((from Kate))

Meyers-Briggs. Enneagram. Love Languages… there are so many ways for us to define ourselves, find ourselves, and fill others in on exactly who we are.

I remember dating a guy who referenced that I was an “ENTJ” and he was an “ISFJ” in every single argument. In his estimation, I didn’t have actual thoughts or convictions or education – I was who I was because of those four letters. It was infuriating!

There is a lot of truth to some of these personality tests though, and their results can absolutely help us in our careers and families and romantic relationships, but who are we really? If God is an infinitely creative creator, how many different ways can He make us?

He’s stuffed some of us with a skill for painting and some of us with extra giggles, He’s filled some of our minds with a craving for philosophy and some of our feet with an itch to cover miles and miles. But He made us for His own glory and for the advancing of His kingdom – so how did He equip us besides our personalities and preferences?

…with our spiritual gifts.

Some of you are quite familiar and operate intentionally out of your known gifts and some of you just double-blinked when you read that.

In 1 Corinthians 12:7 it says: “To each is given the manifestation of the Spirit for the common good.”

After Christ had risen from the dead, and before He ascended to heaven, He spent some quality time with the apostles giving them instruction for what would happen when He left them in the physical. He was explaining the Holy Spirit and what exactly this equal and beautiful entity of the Triune God does in Acts 1 when He said: “But you will receive power when the Holy Spirit comes on you; and you will be my witnesses in Jerusalem, and in all Judea and Samaria, and to the ends of the earth.”

The Lord has equipped us to do His good work, and what He has equipped us with are gracious gifts, our spiritual gifts. Depending on who you ask or what passages you read this list can be a tad shorter or a tad longer, but the gifts I am referring to include:
Administration, Apostleship, Discernment, Evangelism, Exhortation, Faith, Giving, Healing, Knowledge, Leadership, Mercy, Miracles, Pastor/Shepherd, Prophecy, Serving, Teaching, and Wisdom.

I’ve been lucky enough to spend a lot of time studying and discussing these gifting while in church, college, small groups, and in intentional training classes – and once your eyes are opened to how God has created you (both in the womb and after conversion) the beauty of ministry is more exciting than ever before!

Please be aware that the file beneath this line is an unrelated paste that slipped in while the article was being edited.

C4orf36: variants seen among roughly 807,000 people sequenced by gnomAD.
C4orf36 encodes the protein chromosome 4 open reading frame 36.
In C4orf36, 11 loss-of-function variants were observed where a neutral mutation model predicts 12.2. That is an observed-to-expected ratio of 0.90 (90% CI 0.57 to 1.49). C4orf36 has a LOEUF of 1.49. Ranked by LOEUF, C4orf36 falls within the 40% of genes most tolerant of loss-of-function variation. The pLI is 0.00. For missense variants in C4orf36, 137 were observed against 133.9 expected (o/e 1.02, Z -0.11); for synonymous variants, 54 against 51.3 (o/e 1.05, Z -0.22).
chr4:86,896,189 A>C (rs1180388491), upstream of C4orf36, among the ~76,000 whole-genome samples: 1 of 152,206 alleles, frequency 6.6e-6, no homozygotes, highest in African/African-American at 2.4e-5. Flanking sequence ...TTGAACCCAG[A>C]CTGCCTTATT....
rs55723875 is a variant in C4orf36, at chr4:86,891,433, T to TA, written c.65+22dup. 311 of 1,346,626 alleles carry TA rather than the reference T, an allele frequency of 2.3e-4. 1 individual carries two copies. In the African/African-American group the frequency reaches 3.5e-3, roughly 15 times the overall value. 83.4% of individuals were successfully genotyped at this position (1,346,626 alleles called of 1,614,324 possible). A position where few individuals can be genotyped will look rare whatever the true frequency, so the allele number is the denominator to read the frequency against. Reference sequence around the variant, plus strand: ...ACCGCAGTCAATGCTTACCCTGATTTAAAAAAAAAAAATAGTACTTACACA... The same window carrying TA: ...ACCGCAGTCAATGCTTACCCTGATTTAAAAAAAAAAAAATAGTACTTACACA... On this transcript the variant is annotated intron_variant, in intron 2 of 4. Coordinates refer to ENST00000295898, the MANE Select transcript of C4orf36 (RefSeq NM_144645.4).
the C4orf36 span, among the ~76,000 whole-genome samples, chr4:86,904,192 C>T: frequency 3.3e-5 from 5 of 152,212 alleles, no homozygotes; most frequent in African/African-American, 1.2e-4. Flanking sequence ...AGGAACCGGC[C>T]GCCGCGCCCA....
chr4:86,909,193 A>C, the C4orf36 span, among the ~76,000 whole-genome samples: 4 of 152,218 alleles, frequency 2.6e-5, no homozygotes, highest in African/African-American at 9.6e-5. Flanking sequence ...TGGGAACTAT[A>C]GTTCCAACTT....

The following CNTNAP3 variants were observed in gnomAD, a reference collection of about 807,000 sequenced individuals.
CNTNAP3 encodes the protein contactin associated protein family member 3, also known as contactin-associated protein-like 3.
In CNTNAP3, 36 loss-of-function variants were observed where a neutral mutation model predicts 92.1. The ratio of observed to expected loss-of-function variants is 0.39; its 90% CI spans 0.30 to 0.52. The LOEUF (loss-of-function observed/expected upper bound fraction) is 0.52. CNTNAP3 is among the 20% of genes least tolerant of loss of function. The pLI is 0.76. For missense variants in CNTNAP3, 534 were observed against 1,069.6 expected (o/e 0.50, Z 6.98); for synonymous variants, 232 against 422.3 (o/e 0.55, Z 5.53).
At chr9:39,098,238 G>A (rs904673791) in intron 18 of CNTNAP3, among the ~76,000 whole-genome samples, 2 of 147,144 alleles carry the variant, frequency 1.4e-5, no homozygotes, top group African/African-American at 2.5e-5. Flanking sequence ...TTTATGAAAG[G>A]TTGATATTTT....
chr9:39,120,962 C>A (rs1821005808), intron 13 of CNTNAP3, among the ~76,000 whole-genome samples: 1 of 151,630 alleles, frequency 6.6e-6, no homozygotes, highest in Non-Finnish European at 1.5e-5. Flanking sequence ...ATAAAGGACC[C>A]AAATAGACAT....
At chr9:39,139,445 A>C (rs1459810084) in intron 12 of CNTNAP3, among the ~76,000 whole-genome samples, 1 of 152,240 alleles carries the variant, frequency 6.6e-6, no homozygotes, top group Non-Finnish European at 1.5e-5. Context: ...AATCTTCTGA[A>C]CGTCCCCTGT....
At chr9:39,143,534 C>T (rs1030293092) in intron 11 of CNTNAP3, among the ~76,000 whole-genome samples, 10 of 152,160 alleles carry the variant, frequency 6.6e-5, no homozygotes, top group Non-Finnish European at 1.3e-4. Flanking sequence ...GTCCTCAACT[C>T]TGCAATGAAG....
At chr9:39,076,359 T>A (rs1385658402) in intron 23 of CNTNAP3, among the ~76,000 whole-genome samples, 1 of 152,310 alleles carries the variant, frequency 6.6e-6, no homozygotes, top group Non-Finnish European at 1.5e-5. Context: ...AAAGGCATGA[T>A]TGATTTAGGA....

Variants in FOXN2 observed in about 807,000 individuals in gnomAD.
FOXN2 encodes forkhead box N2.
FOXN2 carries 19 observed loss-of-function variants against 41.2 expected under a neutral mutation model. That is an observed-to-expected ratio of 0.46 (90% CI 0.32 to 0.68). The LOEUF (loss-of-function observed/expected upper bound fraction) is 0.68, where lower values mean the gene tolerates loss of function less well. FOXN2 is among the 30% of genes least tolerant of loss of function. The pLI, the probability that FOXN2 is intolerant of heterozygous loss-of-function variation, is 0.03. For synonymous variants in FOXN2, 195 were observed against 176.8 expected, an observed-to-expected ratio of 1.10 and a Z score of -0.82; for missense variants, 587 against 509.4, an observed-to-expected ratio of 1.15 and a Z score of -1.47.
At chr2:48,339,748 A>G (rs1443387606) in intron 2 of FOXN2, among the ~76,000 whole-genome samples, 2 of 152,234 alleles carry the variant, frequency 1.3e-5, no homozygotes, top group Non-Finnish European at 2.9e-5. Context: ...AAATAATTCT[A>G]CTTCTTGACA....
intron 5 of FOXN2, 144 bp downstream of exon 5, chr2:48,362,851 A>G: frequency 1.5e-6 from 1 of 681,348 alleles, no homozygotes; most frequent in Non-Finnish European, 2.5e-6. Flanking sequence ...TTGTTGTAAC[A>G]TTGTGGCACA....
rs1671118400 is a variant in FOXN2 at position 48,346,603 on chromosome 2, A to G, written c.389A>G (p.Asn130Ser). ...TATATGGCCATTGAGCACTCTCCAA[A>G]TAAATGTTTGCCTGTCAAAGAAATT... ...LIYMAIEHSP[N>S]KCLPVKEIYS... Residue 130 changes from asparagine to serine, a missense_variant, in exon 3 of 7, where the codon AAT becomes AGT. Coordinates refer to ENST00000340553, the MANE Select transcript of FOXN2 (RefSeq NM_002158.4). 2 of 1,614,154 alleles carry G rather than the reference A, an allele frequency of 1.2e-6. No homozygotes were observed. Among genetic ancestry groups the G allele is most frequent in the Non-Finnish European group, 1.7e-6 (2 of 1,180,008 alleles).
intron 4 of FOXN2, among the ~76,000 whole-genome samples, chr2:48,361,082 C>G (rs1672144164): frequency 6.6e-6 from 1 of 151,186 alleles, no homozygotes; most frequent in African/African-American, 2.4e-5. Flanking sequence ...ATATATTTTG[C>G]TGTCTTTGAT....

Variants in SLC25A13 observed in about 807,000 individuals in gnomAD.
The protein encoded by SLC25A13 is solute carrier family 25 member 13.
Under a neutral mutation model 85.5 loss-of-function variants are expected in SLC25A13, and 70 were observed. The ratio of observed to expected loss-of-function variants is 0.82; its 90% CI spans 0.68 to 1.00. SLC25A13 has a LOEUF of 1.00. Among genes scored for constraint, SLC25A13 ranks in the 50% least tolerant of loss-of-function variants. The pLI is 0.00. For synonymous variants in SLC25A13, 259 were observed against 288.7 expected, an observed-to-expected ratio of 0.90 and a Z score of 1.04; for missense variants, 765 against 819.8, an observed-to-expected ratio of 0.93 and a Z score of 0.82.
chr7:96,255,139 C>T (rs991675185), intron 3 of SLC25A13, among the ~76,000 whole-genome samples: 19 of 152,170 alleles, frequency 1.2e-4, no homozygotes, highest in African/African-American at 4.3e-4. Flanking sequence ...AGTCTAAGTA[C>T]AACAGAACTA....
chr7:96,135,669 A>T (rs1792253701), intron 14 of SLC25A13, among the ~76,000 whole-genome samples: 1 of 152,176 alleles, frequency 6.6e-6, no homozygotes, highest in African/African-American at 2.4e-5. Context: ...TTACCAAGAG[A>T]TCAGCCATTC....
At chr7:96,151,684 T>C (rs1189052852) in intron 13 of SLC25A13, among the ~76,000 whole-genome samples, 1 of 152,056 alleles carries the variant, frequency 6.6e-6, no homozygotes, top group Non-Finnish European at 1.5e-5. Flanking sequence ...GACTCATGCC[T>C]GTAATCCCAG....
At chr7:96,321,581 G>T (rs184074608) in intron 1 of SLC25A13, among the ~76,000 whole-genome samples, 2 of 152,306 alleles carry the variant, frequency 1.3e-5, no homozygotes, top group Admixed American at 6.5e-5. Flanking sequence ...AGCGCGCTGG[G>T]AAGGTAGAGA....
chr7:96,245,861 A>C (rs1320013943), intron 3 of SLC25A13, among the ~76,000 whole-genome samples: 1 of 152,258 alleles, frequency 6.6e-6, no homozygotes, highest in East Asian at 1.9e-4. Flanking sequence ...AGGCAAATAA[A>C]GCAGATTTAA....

The risk we run is growing envious of other gifts we deem more “glamorous” … many of my friends who have the gift of Administration bemoan it’s humility and yearn for that of Teaching. I believe that jealousy is just one of many tools of the enemy to keep us stifled and stagnant rather than doing what just God wants just the way He’s made us.

It’s also possible to have a specific gift more prominently during a specific life-season and it’s possible (and quite probable) that you’ll have more than one spiritual gift. If you are unsure of what your spiritual giftings are, I would encourage you to take this online test. It’s not the most thorough of any I’ve ever taken, but it is free and uncomplicated.

As for my specific spiritual gifts, I have a few – Evangelism, Prophecy, Leadership, Teaching and Mercy. These gifts need tender care to grow – like any good living thing, and shouldn’t be taken for granted. Many of my gifts were stifled by others in church leadership as I was told for years that I couldn’t have certain gifts from the Spirit because I was female, but that conversation is for another time… The gift I have that I couldn’t “put my finger on” for years is the one we’ll chat about today: Discernment.

Pastor Jeff Carver describes it this way:
“The Greek word for the gift of discernment is Diakrisis. The word describes being able to distinguish, discern, judge or appraise a person, statement, situation, or environment. In the New Testament it describes the ability to distinguish between spirits as in 1 Corinthians 12:10, and to discern good and evil as in Hebrews 5:14.

The Holy Spirit gives the gift of discernment to enable certain Christians to clearly recognize and distinguish between the influence of God, Satan, the world, and the flesh in a given situation. The church needs those with this gift to warn believers in times of danger or keep them from being led astray by false teaching.”

Many can confuse this specific gift with being “a wise judge of character” or by being able to make a decision in accordance with God’s will when coming to a spiritual fork in the road – but it’s much more specific.

Author Tim Challies unpacks understanding: “All Christians are responsible to test words of teaching and prophecy. The Bereans were considered noble for hearing the teaching of Paul and Silas, receiving them with eagerness and ‘examining the Scriptures daily to see if these things were so’ (Acts 17:11). These believers tested the words of the apostles, examining the Scriptures to see if what they were being taught was consistent with what they knew of God’s revelation of Himself. In doing this they modeled the task of all believers. Christians are ultimately responsible for what they choose to believe, no matter whether or not they have been gifted with the spiritual gift of discernment.


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